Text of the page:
Nintendo's Satoru Iwata has reassured the company's shareholders that the Wii U will not be left behind by Sony and Microsoft's next generation of consoles.
During Nintendo's general meeting of shareholders, one of the attendees raised a concern about the Wii U eventually being neglected by third-party companies in favour of Xbox and PlayStation - a significant problem for the Wii later in its life-cycle.
However, while Iwata accepted that there would be some gulf in graphics performance, he suggested that advances in this area were becoming less significant in terms of software.
"We cannot promise that the Wii U will never be excluded from multi-platform software for eternity, but we can at least assure you that the Wii U will not have such a big difference as the Wii had in comparison to how, on other platforms, developers could expect very different graphic capabilities of generating HD-applicable high-resolution graphics," Iwata responded.
"The difference between the Wii U and the other consoles will not be so drastic because there will be fewer and fewer differentiators in graphics"
"Other companies might launch a next-generation console with more power, but...the difference between the Wii U and such console will be as drastic as what you felt it was between the Wii and the other consoles because there will be fewer and fewer differentiators in graphics.
"Naturally some consumers are very sensitive about such a small difference in graphics so that we will make efforts to make the most of the performance of the Wii U to keep up with technological innovations and not to make the system out-of-date soon."
The meeting was predictably dominated by questions regarding Nintendo's stock price and profitability, and Iwata repeatedly asked for patience from the attendees. In Nintendo's view, the company's market value will improve as hardware sales increase, and that is more likely to happen after the release of the Wii U.
Iwata noted that the 3DS has achieved consistent sales performance in Japan - amounting to 55 per cent of all hardware sales - where handheld devices are regarded as the most important hardware for gaming. However, he admitted that the 3DS was still performing below expectations in Europe and the US.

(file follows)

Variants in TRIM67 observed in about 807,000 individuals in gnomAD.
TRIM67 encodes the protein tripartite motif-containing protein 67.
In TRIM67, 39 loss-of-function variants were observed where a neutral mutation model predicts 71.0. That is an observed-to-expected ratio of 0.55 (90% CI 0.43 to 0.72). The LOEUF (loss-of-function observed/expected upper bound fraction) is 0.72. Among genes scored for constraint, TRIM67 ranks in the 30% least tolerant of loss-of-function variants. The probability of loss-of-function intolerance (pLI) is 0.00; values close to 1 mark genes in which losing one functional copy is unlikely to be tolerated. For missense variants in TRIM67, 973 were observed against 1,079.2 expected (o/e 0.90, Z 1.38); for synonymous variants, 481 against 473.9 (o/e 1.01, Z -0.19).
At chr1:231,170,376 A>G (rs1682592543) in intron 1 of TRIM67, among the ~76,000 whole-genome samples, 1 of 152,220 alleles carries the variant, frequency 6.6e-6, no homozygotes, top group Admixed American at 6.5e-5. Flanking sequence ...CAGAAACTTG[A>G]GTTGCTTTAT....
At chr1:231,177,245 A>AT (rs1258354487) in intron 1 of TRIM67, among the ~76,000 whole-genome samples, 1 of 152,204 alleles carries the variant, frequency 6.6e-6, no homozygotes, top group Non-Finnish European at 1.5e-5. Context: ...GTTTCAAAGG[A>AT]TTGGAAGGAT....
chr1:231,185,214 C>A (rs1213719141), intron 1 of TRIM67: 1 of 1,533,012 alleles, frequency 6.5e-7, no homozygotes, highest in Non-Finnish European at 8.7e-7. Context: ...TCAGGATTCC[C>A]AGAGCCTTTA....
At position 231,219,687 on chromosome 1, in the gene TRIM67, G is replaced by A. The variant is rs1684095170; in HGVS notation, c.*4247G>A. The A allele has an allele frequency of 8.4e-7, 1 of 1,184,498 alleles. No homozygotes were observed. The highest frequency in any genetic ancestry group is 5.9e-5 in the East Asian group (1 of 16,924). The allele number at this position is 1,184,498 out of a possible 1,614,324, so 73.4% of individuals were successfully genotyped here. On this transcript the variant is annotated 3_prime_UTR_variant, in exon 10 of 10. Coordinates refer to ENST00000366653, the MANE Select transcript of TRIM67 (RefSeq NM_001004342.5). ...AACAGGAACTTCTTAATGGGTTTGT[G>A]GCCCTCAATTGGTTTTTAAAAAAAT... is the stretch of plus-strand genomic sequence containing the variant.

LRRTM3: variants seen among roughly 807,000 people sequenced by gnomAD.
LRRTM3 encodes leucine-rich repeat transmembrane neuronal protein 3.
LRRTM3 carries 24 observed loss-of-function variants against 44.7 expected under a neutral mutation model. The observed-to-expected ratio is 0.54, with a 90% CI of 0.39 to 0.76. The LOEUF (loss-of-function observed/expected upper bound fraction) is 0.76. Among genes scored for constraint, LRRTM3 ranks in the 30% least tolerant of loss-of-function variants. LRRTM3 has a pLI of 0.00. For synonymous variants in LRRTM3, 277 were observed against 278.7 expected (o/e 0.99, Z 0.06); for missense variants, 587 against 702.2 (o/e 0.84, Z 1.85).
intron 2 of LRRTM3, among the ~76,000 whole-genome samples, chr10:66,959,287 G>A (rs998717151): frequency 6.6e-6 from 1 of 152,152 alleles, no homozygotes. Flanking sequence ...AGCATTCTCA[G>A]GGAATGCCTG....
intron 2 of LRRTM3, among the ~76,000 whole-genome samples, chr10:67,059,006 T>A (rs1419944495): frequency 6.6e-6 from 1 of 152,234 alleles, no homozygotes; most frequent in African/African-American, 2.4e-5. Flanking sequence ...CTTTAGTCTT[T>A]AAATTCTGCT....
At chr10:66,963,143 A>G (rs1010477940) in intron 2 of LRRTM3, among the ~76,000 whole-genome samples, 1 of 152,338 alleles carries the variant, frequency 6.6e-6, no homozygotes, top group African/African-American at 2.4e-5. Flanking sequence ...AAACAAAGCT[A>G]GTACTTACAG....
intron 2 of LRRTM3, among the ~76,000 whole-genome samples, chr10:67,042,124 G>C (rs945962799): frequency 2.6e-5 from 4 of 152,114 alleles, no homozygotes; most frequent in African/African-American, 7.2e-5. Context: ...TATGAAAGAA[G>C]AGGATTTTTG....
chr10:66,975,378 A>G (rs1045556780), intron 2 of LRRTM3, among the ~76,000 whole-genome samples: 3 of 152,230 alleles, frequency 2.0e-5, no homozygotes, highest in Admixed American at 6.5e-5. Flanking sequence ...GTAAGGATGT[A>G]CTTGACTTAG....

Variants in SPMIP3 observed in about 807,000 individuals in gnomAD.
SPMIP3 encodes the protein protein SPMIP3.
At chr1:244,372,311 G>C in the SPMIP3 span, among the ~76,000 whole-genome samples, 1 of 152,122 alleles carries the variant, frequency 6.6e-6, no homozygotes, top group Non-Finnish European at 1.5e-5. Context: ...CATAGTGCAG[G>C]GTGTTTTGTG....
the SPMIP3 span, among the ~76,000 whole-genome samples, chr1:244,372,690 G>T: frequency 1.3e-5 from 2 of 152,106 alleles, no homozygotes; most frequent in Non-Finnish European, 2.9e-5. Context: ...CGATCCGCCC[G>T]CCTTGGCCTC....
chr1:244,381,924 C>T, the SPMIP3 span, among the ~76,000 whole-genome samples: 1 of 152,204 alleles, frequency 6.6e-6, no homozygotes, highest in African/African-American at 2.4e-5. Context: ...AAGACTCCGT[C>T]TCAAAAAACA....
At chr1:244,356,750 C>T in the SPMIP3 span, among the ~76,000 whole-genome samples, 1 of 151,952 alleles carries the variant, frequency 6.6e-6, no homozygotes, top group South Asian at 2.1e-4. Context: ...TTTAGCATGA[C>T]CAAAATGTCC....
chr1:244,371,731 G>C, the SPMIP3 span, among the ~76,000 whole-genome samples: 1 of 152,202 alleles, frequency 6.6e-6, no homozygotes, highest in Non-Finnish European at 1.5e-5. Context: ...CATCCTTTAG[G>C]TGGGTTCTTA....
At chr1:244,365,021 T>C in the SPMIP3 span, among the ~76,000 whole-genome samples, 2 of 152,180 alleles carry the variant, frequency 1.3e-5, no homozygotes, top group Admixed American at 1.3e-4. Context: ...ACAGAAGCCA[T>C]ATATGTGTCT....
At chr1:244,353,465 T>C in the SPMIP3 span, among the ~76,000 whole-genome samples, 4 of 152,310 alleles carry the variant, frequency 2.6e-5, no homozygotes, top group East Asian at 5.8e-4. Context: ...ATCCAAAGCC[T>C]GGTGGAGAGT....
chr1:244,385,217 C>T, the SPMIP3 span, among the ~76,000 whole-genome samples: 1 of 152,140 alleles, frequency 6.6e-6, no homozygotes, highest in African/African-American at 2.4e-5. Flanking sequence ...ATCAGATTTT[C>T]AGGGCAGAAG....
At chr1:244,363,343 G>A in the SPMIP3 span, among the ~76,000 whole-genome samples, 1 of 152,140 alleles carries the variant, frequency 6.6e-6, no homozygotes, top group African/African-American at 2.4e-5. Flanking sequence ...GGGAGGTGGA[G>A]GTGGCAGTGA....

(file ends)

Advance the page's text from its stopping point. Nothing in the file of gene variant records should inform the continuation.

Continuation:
"The momentum in the U.S. and Europe is currently weak," Iwata said. "Considering that the U.S. and European markets are larger than the Japanese market in terms of the size of the population, sales in the U.S. and Europe are supposed to be larger.
"At the year end of 2011 the sales momentum in those markets increased in the same way as in Japan; however, the sales pace went down after the beginning of 2012. As a result, the sales proportion of the Nintendo 3DS is now about 20% of the total video game sales in those markets. Thus, solid sales momentum has not been created."
However, Iwata also showed survey data - gathered earlier this year - to suggest that the console is held in similar esteem by gamers in Europe and the US as the handheld is in Japan. In addition, in the US the majority of survey participants still regarded the Wii as the most attractive gaming platform.
"The reason why the Wii's proportion is so high despite its sales situation not being so strong is, memories of playing with the Wii make such a strong impression on people that they remain in their minds, so the Wii is chosen as the most attractive game system even now. Conversely, for us to launch the Wii U, this is a very valuable asset and is considered favourable data."